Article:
Fred Smith, you seem to have intimate knowledge of the inner workings of the exam process. Are you willing to discuss further? It is definitely long overdue for an independent, formal inquiry to address these matters.

Dr Katie Williamson
Dr Katie Williamson
4 months 25 days ago

As a medical educator, I am privileged to help Registrars develop their clinical reasoning skills. While the KFP may not be the perfect exam, and I think we are yet to find one, I have observed it to differentiate between the high and low-performing candidates regarding clinical reasoning. When we can talk a pass-Registrar and a fail-Registrar through a KFP question, you can see the difference, and “exam technique” is a very small part.

4 months 26 days ago
So you’re letting failed exam candidates vent their spleen about the exams they’ve failed … and somehow, this is supposed to be newsworthy? Please! How is this either (a) insightful, or (b) unbiased? Of course the exam candidates who have failed multiple times will think it’s the exam’s fault. What about all of the other candidates who passed? What do they think? They probably don’t have any problem with the exam. Also, how can we get an intelligent discussion about the correlation of the curriculum and the success of an exam from the failed candidates? How about asking the people… Read more »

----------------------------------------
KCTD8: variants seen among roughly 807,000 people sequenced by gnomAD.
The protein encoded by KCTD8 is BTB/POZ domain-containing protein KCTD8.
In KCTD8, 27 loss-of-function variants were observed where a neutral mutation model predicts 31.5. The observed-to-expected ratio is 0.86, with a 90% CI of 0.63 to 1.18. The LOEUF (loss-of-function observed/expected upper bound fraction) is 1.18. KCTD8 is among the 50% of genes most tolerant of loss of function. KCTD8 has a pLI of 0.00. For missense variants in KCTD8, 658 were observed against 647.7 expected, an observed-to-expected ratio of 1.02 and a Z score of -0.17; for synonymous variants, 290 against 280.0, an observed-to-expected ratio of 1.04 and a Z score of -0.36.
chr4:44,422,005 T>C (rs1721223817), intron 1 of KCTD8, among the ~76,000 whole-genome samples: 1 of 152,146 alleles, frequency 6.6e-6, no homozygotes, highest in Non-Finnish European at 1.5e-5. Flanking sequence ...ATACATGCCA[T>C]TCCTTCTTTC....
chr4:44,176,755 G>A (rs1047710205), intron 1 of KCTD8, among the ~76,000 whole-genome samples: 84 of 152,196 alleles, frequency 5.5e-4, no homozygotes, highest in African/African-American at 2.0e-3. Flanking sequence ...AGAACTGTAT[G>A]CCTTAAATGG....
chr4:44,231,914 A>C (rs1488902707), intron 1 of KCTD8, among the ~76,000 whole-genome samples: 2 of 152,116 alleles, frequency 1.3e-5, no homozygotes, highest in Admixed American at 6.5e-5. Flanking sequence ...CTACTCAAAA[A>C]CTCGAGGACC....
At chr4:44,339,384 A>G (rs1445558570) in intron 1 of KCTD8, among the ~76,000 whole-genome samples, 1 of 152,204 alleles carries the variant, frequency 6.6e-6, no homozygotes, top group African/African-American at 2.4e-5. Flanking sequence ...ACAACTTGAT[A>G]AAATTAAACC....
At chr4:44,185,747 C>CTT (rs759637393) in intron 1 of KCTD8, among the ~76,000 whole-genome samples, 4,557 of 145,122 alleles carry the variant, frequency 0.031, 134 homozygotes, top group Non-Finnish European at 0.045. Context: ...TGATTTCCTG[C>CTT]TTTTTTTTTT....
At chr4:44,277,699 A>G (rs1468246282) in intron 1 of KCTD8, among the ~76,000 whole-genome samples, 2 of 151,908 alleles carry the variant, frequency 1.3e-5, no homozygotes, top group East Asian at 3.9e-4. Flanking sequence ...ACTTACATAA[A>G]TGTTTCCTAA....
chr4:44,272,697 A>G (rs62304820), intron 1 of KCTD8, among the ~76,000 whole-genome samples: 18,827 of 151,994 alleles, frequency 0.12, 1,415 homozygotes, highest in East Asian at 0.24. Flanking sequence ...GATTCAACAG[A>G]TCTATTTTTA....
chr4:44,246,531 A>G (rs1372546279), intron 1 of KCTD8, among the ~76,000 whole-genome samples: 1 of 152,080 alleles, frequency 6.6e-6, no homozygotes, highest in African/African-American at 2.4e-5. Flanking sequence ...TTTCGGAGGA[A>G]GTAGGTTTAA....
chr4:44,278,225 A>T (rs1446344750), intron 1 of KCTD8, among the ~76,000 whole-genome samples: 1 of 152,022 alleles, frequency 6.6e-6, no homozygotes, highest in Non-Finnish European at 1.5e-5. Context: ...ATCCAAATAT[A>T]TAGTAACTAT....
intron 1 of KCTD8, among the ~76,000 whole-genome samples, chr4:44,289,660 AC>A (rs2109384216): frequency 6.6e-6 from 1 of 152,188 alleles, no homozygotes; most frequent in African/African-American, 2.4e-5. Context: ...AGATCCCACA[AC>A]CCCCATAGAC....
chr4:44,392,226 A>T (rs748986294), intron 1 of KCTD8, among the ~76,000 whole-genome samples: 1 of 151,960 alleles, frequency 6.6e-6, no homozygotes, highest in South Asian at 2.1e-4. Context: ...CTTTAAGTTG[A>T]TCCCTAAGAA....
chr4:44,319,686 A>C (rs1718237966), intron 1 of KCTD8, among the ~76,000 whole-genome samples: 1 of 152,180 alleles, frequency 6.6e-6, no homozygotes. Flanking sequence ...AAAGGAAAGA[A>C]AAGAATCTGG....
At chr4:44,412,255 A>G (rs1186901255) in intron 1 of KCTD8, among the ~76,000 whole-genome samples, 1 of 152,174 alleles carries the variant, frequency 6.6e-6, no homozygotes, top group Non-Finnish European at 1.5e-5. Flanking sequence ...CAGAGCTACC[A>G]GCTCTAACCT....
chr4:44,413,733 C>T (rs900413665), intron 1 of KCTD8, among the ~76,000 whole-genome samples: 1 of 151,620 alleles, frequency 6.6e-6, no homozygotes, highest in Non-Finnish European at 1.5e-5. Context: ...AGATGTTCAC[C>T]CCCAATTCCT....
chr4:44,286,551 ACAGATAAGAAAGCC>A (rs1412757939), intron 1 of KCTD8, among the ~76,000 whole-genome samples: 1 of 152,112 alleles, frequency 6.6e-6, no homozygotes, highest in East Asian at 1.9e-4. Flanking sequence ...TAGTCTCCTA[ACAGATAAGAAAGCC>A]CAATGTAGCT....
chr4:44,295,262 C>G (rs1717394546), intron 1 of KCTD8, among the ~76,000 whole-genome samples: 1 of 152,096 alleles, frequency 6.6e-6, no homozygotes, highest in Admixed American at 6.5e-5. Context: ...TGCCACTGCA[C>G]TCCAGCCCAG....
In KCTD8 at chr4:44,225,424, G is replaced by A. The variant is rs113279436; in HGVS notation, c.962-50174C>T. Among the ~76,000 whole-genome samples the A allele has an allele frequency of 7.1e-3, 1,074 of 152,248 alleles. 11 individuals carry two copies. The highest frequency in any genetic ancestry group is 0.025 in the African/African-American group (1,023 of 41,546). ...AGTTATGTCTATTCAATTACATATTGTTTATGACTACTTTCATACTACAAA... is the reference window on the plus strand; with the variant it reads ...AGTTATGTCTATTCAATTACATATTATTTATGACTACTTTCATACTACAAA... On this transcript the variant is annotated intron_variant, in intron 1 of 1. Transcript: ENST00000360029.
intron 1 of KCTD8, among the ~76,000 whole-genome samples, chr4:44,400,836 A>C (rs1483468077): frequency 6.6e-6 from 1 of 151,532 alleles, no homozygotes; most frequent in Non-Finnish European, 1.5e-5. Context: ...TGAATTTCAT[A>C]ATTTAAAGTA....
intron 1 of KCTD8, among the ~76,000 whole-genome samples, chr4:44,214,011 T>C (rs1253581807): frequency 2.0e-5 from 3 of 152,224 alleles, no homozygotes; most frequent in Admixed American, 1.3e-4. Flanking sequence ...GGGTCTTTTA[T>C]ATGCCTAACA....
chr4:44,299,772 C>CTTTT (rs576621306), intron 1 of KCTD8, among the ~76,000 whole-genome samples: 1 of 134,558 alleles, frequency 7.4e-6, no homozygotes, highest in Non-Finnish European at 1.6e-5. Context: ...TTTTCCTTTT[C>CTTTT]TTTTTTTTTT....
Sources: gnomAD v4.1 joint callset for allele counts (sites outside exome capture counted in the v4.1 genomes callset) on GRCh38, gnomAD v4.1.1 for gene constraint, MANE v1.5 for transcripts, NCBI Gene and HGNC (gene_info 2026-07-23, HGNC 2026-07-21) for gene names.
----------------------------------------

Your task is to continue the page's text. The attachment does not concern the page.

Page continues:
Penny Durham
4 months 25 days ago
Dear Anonymous, This is a comment piece and is clearly labelled so, and makes no claim to be an unbiased news report. We don’t see having failed an exam as a disqualification from having an opinion on that experience. We think failing a career-determining exam by a sliver of a mark and never knowing what you got wrong, given what it costs you in time, effort and money – 10x more so if you didn’t grow up here – is unjust and is not in the best interests of training. And we can only hope your attitude is not representative… Read more »